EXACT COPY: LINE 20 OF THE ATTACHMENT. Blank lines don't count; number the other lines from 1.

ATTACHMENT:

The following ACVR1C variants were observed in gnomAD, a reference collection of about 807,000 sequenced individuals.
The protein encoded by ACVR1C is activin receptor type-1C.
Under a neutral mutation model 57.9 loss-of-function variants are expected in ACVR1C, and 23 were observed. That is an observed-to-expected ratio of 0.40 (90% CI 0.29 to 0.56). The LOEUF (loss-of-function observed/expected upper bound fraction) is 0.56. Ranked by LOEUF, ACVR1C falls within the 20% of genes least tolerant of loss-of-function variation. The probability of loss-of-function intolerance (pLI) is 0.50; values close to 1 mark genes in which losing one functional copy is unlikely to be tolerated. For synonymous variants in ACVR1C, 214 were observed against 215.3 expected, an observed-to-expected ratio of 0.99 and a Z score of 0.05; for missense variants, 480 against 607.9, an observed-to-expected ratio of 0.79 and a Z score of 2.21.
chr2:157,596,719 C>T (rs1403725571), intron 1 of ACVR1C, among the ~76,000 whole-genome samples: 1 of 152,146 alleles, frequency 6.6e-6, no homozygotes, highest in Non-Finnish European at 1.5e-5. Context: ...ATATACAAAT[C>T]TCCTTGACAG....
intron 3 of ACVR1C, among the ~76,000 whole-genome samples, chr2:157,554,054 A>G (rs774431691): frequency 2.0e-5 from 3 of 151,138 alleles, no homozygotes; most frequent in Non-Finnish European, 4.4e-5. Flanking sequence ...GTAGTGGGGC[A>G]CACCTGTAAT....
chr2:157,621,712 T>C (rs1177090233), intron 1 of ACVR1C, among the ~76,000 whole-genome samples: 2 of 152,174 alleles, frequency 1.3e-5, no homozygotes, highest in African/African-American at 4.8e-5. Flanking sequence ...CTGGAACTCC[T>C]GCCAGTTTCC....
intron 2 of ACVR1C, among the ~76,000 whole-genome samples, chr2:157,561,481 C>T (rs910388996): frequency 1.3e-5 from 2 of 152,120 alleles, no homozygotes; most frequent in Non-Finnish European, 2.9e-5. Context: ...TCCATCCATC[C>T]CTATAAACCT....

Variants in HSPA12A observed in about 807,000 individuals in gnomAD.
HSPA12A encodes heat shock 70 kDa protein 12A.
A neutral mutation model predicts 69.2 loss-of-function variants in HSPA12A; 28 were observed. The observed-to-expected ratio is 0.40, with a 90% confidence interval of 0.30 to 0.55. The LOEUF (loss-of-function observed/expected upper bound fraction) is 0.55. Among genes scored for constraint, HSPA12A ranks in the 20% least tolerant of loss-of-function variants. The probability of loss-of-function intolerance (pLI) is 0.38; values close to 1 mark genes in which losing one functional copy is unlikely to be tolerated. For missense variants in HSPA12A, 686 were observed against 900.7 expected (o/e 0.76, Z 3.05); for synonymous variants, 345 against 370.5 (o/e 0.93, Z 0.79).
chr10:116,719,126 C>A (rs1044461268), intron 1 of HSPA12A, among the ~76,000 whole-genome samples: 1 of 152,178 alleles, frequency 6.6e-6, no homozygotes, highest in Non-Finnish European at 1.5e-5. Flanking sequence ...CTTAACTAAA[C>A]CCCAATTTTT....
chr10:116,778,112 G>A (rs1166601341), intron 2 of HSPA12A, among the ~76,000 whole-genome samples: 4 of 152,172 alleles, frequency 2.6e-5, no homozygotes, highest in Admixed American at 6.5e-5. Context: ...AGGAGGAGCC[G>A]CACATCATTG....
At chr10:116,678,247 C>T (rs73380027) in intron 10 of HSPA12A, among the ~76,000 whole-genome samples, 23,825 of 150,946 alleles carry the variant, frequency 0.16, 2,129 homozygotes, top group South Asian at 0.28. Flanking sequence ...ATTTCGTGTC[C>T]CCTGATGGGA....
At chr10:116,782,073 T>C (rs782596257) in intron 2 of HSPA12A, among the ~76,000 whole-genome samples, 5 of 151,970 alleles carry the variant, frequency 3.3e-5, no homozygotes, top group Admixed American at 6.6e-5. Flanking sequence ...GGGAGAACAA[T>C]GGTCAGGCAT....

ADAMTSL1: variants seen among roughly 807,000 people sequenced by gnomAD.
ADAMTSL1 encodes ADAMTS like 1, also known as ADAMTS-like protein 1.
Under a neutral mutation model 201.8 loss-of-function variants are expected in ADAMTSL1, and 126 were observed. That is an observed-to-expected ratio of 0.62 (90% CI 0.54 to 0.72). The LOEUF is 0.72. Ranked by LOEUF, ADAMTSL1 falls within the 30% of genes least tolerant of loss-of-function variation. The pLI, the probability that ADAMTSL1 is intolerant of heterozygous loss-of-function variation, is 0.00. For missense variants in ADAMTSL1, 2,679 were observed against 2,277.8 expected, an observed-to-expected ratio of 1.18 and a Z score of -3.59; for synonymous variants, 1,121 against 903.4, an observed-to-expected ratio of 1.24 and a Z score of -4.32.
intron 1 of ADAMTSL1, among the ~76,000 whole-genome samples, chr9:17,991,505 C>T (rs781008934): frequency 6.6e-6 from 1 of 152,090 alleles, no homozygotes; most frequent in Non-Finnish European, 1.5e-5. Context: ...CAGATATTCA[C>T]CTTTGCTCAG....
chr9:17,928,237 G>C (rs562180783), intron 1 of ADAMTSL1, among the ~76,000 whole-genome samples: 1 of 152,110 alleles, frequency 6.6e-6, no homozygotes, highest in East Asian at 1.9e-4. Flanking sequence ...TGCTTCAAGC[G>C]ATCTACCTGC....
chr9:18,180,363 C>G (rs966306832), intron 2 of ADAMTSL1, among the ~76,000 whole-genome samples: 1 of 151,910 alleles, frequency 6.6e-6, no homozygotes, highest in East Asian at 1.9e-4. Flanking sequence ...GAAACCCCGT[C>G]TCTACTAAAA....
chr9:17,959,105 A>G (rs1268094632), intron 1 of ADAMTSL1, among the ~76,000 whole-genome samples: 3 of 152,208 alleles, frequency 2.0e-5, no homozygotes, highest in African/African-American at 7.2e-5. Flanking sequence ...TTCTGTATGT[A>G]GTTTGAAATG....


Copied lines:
chr9:18,180,363 C>G (rs966306832), intron 2 of ADAMTSL1, among the ~76,000 whole-genome samples: 1 of 151,910 alleles, frequency 6.6e-6, no homozygotes, highest in East Asian at 1.9e-4. Flanking sequence ...GAAACCCCGT[C>G]TCTACTAAAA....